Thursday, October 07, 2021

Astro the Robot

Amazon has invented a household robot called Astro, described as about the size of a small dog. It's "Alexa on wheels" but a bit more:

Amazon Robot

Astro can roll around the house with its camera, on a 42-inch arm, enabling you to keep an eye on children from another room. Or you can view your home remotely when you're away. You might use this feature to check on a vulnerable family member who lives alone. Like a tablet, it can play videos and access the internet. Like Alexa, it can answer questions. Its screen can be used for video chatting.

It can't navigate stairs, although (like the Roomba) it knows not to fall down them. Unfortunately, it can't pick up things. I suspect that ability will come along sooner or later. It can carry small objects from room to room, though, if a human user loads the objects, and facial recognition allows Astro to deliver its cargo to another person on command. It could be remotely commanded to take medication or a blood pressure cuff to that elderly relative who lives by herself.

Amazon's goal is for Astro to become a common household convenience within ten years. Even if you have $999 to spare, you can't order one right now. The device is being sold only to selected customers by invitation. Amazon's vice president of product says the robot wasn't named after the Jetsons' dog. The first possible origin for the name that occurred to me, however, was the robot Astro Boy, from a classic early anime series.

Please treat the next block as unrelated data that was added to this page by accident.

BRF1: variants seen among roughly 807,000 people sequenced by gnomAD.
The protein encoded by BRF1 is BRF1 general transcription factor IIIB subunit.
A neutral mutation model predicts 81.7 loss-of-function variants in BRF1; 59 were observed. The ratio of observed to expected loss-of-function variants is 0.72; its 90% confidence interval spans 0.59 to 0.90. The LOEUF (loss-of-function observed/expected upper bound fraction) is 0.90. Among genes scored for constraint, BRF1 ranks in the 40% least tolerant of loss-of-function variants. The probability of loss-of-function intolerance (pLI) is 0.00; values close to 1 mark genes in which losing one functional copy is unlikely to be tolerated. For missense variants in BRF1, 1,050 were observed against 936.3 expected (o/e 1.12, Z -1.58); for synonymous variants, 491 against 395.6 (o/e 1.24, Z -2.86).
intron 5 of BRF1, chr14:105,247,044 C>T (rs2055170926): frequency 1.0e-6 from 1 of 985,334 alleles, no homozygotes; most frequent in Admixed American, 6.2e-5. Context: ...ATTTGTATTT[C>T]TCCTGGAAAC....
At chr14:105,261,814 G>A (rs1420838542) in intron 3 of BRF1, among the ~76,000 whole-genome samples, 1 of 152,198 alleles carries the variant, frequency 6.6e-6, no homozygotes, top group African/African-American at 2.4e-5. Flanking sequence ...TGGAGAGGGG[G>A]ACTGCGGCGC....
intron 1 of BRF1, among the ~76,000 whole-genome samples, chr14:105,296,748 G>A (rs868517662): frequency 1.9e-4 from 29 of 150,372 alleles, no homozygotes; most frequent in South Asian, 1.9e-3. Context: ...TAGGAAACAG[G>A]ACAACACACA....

Considering the way people talk to their pets as if the animals can understand, I can easily imagine an owner carrying on conversations with Astro almost like an intelligently responsive housemate.

Margaret L. Carter

Carter's Crypt


  1. I confess to being disturbed by the lack of privacy with devices like these.

  2. I suppose there is the risk of hacking, but that applies to anything we do that's connected to the internet. I hope the manufacturers of such devices will build in strong safeguards. However, I'm cautious enough at present to NOT use something like a tablet, that could be easily lost or stolen, to visit sites such as banks and credit cards.